where ${w}^{T}$ is the weight of RBF neural network, and $h\left(\mathrm{\Delta}\right)$ is the Gaussian function:
where ${c}_{i}=[{c}_{i1}{c}_{i2}{c}_{i3}{c}_{i4}\cdot \cdot \cdot {c}_{ij}]$ is the network center vector, ${\sigma}_{i}$ is the neurons width. Take the displacement of the middle platform as the adjustment indicator:
Then the adjustment algorithm of network weights can be expressed as:
where $\partial {z}_{1}/\partial U$ depends on the sign, its value can be compensated by the weight values. ${z}_{1}$ is proportional with $U$ in active control, so it can be written as $\mathrm{s}\mathrm{g}\mathrm{n}\left(\partial {z}_{1}/\partial U\right)=$ 1, $\partial U/\partial \stackrel{~}{k}=\mathrm{s}\mathrm{g}\mathrm{n}\left(\mathrm{S}\right)$, $\partial \stackrel{~}{k}/\partial w=h\left(\mathrm{\Delta}\right)\mathrm{s}\mathrm{g}\mathrm{n}\left({w}^{T}h\right(\mathrm{\Delta}\left)\right)$ and then the weight adjustment algorithm can be modified as:
Moreover, the learning algorithm of network weights is expressed as:
where $\lambda $ is the neural networks learning rate, $\lambda \in \left(\mathrm{0,1}\right)$, $\alpha $ is inertial coefficient, $\alpha \in \left(\mathrm{0,1}\right)$. Substituting Eq. (14) and Eqs. (1618) into Eq. (15), we get the RBF neural network sliding mode control law as Eq. (24):
4.3. Controller stability analysis
In this paper, the Lyapunov theory is used to prove the stability of the RBF neural network sliding mode controller [25], take the Lyapunov function as Eq. (25):
In continuous conditions, the first derivative of the Lyapunov function can be written as:
By substituting Eqs. (1517) and Eq. (18) into Eq. (26), we can get:
where $S\left(t\right)=$ 0 is the only equilibrium point when ${\dot{V}}_{\left(z\right)}\le $ 0, so the RBF neural network sliding mode controller can satisfy the conditions of Lyapunov asymptotic and overall stability, which shows the controller designed above is stable.
5. Cosimulation
First of all, we need to build a virtual prototype model of the active vibration isolation system in Adams Software (the parameters will be shown in numerical simulation). And the active control force of the magnetostrictive actuator will be simplified to an interaction force between the upper isolated device and the middle platform, external excitation and system output are defined as well. In addition, the RBF neural network sliding mode control algorithm will be compiled in MATLAB/Simulink environment. It can connect input and output interfaces defined by Adams and MATLAB/Simulink. Thus, the closedloop cosimulation model can be acquired. The Adams virtual prototype model, a doublelayer vibration isolation platform consisting of a water pump, is illustrated in Fig. 6, and Adams and MATLAB/Simulink cosimulation model is shown in Fig. 7.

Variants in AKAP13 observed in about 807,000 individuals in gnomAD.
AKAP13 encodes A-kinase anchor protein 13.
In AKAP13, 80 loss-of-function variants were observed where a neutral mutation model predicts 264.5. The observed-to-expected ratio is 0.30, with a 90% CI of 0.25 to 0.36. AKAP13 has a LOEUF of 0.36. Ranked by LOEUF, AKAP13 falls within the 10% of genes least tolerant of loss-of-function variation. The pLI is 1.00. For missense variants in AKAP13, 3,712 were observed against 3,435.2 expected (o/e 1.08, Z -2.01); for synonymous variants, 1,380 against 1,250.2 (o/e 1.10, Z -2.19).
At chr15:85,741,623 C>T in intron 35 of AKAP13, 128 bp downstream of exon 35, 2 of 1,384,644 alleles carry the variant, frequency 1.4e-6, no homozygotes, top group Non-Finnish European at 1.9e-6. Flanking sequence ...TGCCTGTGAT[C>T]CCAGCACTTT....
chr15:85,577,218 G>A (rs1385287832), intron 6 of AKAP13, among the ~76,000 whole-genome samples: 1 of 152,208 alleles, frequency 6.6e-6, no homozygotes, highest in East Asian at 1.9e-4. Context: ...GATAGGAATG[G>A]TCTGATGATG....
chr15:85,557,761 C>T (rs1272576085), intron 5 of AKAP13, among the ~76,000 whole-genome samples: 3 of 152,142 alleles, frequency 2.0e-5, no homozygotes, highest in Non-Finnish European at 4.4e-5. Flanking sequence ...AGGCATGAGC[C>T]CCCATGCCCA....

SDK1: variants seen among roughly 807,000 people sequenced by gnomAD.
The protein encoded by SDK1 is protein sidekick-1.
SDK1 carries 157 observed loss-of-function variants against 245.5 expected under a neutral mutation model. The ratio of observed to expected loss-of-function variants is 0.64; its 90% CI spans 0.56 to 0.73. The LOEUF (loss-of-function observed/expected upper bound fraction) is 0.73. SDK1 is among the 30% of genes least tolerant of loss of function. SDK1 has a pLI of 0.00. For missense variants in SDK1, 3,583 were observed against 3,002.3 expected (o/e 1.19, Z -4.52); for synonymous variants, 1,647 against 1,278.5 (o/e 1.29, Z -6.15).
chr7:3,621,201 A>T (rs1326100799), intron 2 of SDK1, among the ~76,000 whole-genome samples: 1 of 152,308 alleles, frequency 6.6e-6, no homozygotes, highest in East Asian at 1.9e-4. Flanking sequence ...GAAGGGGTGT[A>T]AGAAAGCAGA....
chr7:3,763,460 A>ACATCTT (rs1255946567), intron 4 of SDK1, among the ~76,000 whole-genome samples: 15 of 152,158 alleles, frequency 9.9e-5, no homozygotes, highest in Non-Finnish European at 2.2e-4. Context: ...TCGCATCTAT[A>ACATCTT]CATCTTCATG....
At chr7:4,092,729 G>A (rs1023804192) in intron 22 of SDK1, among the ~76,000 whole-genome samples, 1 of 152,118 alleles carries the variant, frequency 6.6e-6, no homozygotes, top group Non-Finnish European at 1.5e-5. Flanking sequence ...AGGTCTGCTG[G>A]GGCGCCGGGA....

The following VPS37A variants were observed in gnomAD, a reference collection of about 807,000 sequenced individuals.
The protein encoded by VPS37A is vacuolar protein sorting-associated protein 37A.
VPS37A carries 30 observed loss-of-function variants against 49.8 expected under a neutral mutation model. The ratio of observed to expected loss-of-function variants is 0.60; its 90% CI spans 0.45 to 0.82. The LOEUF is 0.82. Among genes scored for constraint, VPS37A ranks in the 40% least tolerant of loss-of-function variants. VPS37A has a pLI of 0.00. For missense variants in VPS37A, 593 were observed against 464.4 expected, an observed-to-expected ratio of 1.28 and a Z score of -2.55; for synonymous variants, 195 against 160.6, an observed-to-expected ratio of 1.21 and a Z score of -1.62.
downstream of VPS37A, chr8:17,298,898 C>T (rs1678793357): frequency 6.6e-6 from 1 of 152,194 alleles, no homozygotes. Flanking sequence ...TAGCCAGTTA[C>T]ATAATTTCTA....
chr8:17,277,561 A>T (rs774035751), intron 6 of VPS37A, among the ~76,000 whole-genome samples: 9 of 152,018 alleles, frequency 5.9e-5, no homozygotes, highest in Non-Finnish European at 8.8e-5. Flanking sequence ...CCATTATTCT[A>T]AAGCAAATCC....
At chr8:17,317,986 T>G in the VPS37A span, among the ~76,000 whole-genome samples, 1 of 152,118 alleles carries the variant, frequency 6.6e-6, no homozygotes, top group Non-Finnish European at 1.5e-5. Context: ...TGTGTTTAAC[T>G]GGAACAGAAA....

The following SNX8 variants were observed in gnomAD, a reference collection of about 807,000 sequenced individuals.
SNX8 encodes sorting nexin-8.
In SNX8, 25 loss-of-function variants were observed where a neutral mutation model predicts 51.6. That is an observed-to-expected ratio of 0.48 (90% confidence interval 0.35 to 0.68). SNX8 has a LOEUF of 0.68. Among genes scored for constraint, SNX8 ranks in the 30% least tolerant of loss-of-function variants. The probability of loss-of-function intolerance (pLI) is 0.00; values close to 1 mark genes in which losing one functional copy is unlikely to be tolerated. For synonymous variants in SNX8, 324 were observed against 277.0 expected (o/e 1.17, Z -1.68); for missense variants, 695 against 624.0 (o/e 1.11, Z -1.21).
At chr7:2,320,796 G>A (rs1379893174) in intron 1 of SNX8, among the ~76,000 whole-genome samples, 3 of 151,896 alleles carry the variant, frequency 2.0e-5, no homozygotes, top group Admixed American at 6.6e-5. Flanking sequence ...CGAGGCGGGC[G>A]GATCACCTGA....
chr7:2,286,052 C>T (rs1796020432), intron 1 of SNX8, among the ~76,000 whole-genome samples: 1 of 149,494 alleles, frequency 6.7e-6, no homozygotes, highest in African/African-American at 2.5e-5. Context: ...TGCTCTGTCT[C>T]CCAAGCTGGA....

Fig. 6. The Adams virtual prototype model of the vibration isolation system
Fig. 7. The cosimulation model of Adams and MATLAB/Simulink
6. Numerical simulations
The system modal frequency is ${f}_{1}=$ 3.2 Hz, ${f}_{2}=$ 16.7 Hz by Adams analysis, in order to verify the model correctness and control reasonableness. ${p}_{1}=\mathrm{sin}\left(2\pi \mathrm{*}4\mathrm{*}t\right)\text{,}$${p}_{2}=\mathrm{sin}\left(2\pi \mathrm{*}30\mathrm{*}t\right)\text{,}$${p}_{3}=\mathrm{sin}\left(2\pi \mathrm{*}5\mathrm{*}t\right)+0.2\mathrm{sin}\left(2\pi \mathrm{*}30\mathrm{*}t\right)+0.1\mathrm{sin}\left(2\pi \mathrm{*}60\mathrm{*}t\right)$and random excitation are applied to calculate the force transmitted to the foundation, which can obtain the isolation system effect, and some simulation parameters are: $n=$ 1200, ${H}_{b}=$ 20 kA/m, $a=$ 7102 A/m, $\stackrel{~}{\alpha}=$ –0.001, ${M}_{s}=$ 7.65×10^{5} A/m, ${\lambda}_{s}=$ 1.005×10^{–}^{6},$k=$ 3283 A/m, $b=$ 0.18, ${S}^{H}=$ 1.3×10^{–}^{11}, $d=$ 1.0×10^{–}^{8} m^{2}/N, $c=$ 3000 kNs/m^{2}, $\rho =$ 9250 kg/m^{3}, $L=$ 8.6×10^{–}^{4}^{}m, $A=$ 78.5×10^{–}^{6} m^{2}, ${M}_{1}=$ 22.5 kg, ${C}_{1}=$ 290.544 Ns/m, ${K}_{1}=$ 190000 N/m, ${M}_{2}=$ 105.42 kg, ${C}_{2}=$ 302.7 Ns/m, ${K}_{2}=$ 57016.2 N/m, the specific simulation results are shown as Figs. 812.